The Da Vinci Code as a novel is an international bestselling phenomenon, but The Da Vinci Code as a movie is bound to be long forgotten by year’s end. Directed by Ron Howard, the Hollywood veteran behind such memorable films as A Beautiful Mind and Cinderella Man, this adaptation of Dan Brown’s religious thriller is 149 minutes of monotonous exposition and tedious European spy thriller clichés. What makes Dan Brown’s novels so popular is the narrative background on such subjects as cryptography, secret societies, religious orders, and alternative history. But it’s difficult to translate such ideas to the big screen, and it’s here that The Da Vinci Code fails as a commercial thriller. Entire scenes are composed of lectures on the history of Christianity and the life of Leonardo Da Vinci. Michael Crichton has a similar style of writing that focuses on scientific breakthroughs and cutting-edge technology, but his novels adapt better to the big screen. Whereas Jurassic Park briefly lectured audiences on the inner-workings of DNA, then quickly jumped to two hours of dinosaurs terrorizing people, The Da Vinci Code keeps explaining, hypothesizing, and lecturing only to leave its audience hanging. The ideas are intriguing, but they make for a far better novel than silver screen blockbuster. Minus the interesting conjecture, the film is nothing more than a poorly written 1970s drugstore spy thriller…

Tom Hanks plays the lead role of Robert Langdon, a Harvard professor of religious symbology lecturing in Paris. When Jacques Sauniere (Jean-Pierre Marielle), curator of the Louvre, is found murdered and strangely positioned in his famous museum, local authorities initially consult Langdon for his expertise. But the professor soon learns from Sauniere’s granddaughter, government cryptologist Sophie Neveu (Audrey Tautou), that he and the prime suspect are one and the same. Creating a diversion for the police, the two discover a hidden trail of clues created by Sauniere in the moments before his death, clues that just might lead them to most elusive treasure in human history – the Holy Grail. With InterPol hot on their trail, and the true murderer still at large, Langdon and Neveu enlist the help of Grail historian Leigh Teabing (Ian McKellen) to teach them the history of the Grail’s protectors, The Priory of Scion, and to help them uncover the endless clues that promise to unravel a 2,000 year mystery…

Despite the remarks of most critics, Tom Hanks’ performance is not atrocious. Although his character is bland at best, he wasn’t given much with which to work. Robert Langdon’s lack of development is more attributable to poorly written dialogue and poor choices in direction. Ron Howard tries to cover up some of the excessive dialogue with visual images, but narrative is still narrative even with flashback sequences. Audrey Tautou delivers her lines well, but suffers from the same constraints as her Academy Award-winning screen partner. The only shining performance is provided by Ian McKellen as the eccentric and charming Grail expert, Leigh Teabing. Some of his one-liners add a bit of comic relief, but they’re only band-aids on the gushing head wound that is this film. In the end, The Da Vinci Code is a lesson on the distinction between two differing mediums. Movies haven’t replaced books, or vice-versa, for a reason. Sometimes, it’s just better to read the book. In the case of The Da Vinci Code, this is one of those moments...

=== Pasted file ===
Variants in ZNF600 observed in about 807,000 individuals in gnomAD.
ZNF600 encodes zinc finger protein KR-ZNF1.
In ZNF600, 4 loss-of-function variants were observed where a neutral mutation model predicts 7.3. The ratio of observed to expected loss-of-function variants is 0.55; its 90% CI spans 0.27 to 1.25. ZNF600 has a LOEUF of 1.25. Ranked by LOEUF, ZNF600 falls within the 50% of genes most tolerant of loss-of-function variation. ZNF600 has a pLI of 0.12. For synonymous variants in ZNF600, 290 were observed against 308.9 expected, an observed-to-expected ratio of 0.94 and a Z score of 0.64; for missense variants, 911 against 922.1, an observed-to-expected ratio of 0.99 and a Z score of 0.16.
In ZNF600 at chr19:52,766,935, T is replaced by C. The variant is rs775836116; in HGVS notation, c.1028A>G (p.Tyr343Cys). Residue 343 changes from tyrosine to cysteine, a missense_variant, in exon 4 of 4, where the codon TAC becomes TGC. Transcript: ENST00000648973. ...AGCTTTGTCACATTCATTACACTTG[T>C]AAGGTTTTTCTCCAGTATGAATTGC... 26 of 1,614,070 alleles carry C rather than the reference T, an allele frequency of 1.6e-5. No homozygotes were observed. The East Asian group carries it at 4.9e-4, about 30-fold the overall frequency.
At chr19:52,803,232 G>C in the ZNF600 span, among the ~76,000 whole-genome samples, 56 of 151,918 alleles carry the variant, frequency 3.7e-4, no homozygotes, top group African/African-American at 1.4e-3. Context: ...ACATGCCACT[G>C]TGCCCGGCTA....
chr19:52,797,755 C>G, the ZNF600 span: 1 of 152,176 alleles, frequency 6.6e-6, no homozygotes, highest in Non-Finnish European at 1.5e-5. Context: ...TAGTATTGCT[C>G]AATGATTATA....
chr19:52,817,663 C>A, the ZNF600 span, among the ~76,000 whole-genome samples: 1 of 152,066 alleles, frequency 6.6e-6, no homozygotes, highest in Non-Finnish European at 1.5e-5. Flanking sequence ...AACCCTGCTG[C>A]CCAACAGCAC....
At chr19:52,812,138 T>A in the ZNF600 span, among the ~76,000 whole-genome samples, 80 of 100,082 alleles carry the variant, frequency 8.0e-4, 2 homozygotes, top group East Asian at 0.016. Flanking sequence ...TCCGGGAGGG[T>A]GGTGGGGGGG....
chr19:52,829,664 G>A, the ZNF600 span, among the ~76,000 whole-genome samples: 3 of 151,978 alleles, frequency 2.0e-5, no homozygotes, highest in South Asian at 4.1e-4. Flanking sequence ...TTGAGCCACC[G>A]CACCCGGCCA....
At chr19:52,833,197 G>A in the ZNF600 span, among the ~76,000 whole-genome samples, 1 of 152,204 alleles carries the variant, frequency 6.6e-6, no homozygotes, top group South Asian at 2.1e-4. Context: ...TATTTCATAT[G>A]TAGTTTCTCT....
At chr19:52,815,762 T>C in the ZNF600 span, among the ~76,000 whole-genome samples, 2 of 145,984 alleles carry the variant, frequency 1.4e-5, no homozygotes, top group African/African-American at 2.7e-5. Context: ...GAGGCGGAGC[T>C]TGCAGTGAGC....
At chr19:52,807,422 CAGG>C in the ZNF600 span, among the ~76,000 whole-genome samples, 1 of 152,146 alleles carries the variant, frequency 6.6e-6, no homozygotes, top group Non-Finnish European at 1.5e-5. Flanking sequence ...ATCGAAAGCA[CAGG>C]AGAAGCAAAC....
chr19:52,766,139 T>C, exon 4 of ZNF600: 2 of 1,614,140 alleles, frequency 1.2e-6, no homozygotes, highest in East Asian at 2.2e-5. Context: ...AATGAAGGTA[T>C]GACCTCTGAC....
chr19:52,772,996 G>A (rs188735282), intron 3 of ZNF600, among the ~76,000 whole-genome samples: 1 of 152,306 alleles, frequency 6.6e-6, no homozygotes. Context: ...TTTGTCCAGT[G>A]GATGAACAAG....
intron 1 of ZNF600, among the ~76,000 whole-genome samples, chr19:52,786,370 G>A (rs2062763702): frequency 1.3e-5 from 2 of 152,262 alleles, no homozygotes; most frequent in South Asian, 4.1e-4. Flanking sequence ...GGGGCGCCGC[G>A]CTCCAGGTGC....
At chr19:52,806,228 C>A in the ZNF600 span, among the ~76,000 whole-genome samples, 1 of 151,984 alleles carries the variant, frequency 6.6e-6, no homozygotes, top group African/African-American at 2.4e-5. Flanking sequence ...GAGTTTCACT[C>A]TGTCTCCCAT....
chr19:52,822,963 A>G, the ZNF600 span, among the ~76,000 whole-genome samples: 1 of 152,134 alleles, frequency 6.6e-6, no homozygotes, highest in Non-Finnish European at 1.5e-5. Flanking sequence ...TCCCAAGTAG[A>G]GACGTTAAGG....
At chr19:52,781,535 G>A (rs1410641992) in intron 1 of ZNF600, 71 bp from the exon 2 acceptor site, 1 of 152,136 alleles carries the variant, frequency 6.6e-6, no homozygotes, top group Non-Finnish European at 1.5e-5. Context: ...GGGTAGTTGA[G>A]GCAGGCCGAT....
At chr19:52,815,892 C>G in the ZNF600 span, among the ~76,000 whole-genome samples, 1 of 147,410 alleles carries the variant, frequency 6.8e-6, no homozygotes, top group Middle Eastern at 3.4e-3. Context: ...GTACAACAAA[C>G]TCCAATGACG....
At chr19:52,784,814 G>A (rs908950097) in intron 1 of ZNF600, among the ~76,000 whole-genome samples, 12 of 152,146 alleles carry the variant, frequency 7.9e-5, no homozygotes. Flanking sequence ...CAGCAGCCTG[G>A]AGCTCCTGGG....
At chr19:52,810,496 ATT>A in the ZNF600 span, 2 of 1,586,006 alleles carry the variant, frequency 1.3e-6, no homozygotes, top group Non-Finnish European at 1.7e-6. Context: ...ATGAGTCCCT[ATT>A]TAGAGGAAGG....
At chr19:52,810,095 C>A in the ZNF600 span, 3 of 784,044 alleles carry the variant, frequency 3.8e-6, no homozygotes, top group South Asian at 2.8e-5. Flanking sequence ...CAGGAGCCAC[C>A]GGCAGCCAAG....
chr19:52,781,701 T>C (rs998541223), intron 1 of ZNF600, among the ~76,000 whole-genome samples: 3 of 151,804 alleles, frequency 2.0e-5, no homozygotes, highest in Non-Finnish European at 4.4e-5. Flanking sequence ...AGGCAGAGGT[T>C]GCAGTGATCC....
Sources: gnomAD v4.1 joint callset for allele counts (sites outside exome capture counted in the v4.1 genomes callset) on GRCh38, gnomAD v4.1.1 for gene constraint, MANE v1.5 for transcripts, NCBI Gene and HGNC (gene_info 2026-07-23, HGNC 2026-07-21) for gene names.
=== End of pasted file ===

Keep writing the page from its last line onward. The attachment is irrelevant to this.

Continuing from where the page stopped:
Friday, May 19, 2006

Coach (DVD)

Nominated for 16 Emmys and 4 Golden Globes, Coach delighted fans of all ages during its celebrated nine-season run. One of the most underrated sitcoms of its era, the series covers the exploits of fictional Minnesota State Screaming Eagles college football coach Hayden Fox (Craig T. Nelson), the quintessential male chauvinist pig. But unlike many of his politically-incorrect brethren, Hayden has a heart of gold. It’s this softer side that appeals to successful anchorwoman and girlfriend Christine Armstrong (Shelley Fabares). In the locker room, Hayden is joined by assistant coaches Luther Van Dam (Jerry Van Dyke) and Dauber Dybinski (Bill Fagerbakke), the perfect compliments to the coach’s oftentimes sketchy logic. Between his estranged daughter Kelly (Clare Carey), her less-than-manly boyfriend Stuart (Kris Kamm), nagging athletic director Howard Burleigh (Kenneth Kimmins), and ladies basketball coach Judy Watkins (Pam Stone), Hayden is always dispensing sarcasm, trading barbs, or being aggravated by someone.